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Bucking Municipal Trends, Henderson Moves To Allow Short-Term Rentals

This week, the City of Henderson gave the go-ahead to allow short-term vacation rentals in residential areas.

Henderson is now the only city in Southern Nevada that hasn’t banned them outright or put very tight restrictions on short-term rentals.

“I don’t know that we’ve gone the opposite direction," said Michael Tassi, director of community development and services for the City of Henderson, "In fact, we’ve added several new regulations to our short-term vacation rentals, which in our mind it tightens the regulations. It gives us greater tools for enforcement and it provides the expectations for how people will comply with this ordinance.”

Tassi said the current ordinance allowed short-term rentals in one district of the city but there are actually more than 500 operating in the city limits.

Under the new regulation, which takes effect in October, operators will have to register with the city and agree to all the new regulations.

The new regulations are a whole litany of rules that the city took a year to research and put together.

  • Short-term rental operators will have to go through a two-day class on how to be a good operator. 
  • No special events like weddings or private parties will be allowed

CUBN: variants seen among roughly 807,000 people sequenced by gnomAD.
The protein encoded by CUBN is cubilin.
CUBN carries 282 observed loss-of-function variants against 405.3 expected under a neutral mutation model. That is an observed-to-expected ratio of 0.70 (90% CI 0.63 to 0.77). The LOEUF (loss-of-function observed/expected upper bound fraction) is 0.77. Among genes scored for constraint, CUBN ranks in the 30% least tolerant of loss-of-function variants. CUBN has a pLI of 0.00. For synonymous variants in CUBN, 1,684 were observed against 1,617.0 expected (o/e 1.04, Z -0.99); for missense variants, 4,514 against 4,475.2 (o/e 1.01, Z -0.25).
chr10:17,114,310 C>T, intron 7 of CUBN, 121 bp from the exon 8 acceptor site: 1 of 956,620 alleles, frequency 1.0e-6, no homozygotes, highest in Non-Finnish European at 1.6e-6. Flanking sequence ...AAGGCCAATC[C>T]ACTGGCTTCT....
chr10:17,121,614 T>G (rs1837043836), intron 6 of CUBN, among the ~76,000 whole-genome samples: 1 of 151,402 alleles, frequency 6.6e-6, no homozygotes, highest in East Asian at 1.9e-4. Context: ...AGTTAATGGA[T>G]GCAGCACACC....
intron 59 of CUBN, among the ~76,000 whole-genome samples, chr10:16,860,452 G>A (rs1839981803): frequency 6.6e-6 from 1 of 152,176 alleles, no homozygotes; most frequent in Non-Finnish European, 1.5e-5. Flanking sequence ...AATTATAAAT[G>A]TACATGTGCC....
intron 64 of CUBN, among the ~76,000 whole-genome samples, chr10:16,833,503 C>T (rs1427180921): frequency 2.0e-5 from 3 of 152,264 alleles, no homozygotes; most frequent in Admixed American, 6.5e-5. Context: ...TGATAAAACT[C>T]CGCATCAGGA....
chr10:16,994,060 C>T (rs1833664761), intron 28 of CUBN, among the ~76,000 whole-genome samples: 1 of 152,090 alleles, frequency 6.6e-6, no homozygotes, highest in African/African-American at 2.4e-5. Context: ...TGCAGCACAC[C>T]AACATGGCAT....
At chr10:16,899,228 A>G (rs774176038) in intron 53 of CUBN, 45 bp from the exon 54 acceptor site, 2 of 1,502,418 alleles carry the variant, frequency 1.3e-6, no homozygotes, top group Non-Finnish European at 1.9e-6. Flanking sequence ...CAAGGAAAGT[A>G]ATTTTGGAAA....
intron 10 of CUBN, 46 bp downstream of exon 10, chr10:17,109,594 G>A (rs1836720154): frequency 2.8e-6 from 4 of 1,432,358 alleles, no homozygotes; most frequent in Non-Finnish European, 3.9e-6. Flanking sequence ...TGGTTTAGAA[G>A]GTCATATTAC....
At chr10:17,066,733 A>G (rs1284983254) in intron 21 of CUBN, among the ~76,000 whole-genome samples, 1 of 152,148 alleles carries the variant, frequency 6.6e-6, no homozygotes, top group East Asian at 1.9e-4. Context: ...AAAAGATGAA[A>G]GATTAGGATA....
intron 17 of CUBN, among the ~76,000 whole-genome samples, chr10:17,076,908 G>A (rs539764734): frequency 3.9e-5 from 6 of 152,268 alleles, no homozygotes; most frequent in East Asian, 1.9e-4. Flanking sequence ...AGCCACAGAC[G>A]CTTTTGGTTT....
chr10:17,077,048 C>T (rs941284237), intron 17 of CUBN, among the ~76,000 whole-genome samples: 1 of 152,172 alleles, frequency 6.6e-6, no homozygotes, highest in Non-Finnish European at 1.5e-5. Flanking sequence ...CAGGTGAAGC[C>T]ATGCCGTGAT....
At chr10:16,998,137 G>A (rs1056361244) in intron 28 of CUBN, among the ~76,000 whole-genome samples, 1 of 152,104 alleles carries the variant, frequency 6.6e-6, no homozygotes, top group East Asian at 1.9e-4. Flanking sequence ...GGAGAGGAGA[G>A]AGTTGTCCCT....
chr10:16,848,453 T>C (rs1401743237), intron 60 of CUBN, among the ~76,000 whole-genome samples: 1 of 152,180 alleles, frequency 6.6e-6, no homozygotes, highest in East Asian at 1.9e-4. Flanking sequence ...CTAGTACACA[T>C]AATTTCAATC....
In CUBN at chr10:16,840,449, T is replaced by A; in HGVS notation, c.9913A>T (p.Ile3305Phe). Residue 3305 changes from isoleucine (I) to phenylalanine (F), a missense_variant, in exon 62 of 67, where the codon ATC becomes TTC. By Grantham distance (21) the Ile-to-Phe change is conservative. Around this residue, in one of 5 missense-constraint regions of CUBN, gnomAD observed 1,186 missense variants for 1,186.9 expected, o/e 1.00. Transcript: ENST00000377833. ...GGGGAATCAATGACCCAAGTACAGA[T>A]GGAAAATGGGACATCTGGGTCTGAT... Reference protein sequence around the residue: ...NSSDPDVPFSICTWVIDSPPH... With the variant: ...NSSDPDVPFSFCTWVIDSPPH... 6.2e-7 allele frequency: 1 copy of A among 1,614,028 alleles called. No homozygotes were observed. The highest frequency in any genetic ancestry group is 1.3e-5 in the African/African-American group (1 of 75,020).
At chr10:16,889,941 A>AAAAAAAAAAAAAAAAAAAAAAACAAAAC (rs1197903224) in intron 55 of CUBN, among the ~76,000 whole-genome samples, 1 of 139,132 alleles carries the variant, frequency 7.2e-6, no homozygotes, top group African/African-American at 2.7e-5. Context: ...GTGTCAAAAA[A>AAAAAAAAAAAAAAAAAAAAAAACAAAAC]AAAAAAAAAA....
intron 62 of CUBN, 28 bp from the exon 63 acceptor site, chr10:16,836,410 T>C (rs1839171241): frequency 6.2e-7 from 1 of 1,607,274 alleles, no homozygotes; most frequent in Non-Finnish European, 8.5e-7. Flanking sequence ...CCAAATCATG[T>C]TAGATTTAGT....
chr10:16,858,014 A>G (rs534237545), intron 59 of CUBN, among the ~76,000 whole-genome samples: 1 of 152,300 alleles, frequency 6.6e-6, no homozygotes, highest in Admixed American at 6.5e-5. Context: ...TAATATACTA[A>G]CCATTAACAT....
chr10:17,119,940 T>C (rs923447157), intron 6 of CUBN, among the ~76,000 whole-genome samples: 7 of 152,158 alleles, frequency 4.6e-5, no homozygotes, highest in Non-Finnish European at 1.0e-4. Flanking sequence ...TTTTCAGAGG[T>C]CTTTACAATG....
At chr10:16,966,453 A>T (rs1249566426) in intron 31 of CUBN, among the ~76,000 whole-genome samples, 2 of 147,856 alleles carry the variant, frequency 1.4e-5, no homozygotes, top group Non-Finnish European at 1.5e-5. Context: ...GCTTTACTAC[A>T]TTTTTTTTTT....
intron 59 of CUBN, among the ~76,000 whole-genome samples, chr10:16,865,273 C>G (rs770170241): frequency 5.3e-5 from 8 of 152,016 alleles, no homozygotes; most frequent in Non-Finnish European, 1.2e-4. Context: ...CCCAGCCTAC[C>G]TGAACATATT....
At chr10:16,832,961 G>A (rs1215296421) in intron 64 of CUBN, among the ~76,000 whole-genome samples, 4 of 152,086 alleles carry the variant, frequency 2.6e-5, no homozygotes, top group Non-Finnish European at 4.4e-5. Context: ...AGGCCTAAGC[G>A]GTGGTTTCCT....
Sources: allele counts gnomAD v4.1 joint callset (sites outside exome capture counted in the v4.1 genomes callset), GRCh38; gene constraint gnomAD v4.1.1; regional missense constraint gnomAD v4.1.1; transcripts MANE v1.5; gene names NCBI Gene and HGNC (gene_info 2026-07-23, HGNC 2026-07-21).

• Noise management systems will need to be installed inside and outside the home. The system will alert the operator when a decibel level above the city code is reached.
  • There will be limits on occupancy
  • Guests must stay at least two nights
  • Operators will need $500,000 in commercial liability insurance
  • Renters will be given a brochure on how to be a good neighbor

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Perhaps one of the most important rules for enforcing the new regulations is a 24/7 hotline that neighbors of the rental can call to report problems. When the operator is contacted about an issue, he or she has 45 minutes to respond and two hours to resolve the problem.

“There are very tight controls on how neighbors in a neighborhood with a short-term rental can report and get resolution on an issue that might be generated by a short-term rental,” Tassi said.

Operators that comply with that rule will face steep fines and possible revocation of their registration.

Tassi said the city will be relying on the hotline for enforcement, especially on weekends.

Following a hotline incident, the City of Henderson will be given a report. The city will follow up on complaints if needed. Tassi said the city is trying to avoid getting the police involved in any of these disputes.

“We feel like we have developed a very comprehensive set of regulations that gets to compliance but also sets Henderson expectations as to what it is to be a good neighbor,” Tassi said.

The Henderson City Council was unanimous in its vote on the new regulations. The city plans on hiring a consultant who will create a list of short-term rentals currently operating in the city limits and notified operators of the new requirements.


Michael Tassi, director of community development and services, City of Henderson 

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